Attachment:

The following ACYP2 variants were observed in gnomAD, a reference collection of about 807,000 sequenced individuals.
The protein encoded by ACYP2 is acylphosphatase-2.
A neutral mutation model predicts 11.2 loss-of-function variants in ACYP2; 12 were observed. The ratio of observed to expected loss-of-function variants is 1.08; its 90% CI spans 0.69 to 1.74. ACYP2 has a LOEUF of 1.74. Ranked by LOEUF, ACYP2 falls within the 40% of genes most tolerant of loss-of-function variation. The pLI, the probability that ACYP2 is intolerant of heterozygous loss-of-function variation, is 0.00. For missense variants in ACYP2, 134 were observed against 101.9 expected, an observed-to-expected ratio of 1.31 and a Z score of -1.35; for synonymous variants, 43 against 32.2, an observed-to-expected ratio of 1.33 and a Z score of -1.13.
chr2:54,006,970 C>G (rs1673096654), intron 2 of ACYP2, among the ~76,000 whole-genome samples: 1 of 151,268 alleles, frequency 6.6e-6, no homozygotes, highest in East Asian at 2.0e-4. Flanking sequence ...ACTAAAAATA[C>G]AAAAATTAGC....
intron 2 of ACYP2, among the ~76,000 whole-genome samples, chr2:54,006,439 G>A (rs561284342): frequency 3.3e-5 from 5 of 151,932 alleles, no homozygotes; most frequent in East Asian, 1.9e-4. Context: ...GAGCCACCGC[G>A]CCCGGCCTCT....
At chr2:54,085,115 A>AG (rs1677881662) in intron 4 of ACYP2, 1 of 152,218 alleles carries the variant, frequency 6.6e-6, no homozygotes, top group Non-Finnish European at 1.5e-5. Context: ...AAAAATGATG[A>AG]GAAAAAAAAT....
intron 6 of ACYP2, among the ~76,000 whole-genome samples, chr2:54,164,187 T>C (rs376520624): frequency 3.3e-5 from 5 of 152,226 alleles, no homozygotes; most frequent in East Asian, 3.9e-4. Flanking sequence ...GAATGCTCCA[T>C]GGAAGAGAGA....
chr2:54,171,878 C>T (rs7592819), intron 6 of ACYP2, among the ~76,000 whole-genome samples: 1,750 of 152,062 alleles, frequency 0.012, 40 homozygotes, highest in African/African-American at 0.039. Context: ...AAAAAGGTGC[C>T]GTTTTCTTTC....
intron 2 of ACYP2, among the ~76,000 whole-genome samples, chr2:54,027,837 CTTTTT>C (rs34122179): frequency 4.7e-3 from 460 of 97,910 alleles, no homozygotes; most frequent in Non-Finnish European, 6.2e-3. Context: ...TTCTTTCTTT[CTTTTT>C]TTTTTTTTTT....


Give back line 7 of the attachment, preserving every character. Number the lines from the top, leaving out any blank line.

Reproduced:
intron 6 of ACYP2, among the ~76,000 whole-genome samples, chr2:54,164,187 T>C (rs376520624): frequency 3.3e-5 from 5 of 152,226 alleles, no homozygotes; most frequent in East Asian, 3.9e-4. Flanking sequence ...GAATGCTCCA[T>C]GGAAGAGAGA....